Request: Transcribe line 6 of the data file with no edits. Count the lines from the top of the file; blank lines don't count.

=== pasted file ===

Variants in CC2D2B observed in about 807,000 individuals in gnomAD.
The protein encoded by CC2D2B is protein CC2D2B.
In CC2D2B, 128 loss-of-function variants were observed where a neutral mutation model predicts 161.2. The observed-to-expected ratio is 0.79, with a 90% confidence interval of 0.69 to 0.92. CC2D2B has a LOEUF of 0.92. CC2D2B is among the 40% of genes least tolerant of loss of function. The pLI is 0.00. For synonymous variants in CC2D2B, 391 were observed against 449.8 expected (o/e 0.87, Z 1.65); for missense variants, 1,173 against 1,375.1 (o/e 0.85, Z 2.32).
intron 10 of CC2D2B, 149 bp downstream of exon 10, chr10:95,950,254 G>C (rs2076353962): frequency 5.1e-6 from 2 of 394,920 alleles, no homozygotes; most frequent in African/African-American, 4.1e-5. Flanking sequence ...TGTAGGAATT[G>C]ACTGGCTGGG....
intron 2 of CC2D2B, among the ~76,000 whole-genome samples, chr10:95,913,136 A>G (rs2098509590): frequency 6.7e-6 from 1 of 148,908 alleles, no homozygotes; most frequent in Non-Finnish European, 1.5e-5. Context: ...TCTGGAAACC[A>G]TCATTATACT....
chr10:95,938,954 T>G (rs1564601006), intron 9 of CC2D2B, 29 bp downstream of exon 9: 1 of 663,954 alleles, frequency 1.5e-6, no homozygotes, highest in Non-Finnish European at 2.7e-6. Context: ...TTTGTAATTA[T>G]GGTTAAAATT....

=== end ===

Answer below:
chr10:95,938,954 T>G (rs1564601006), intron 9 of CC2D2B, 29 bp downstream of exon 9: 1 of 663,954 alleles, frequency 1.5e-6, no homozygotes, highest in Non-Finnish European at 2.7e-6. Context: ...TTTGTAATTA[T>G]GGTTAAAATT....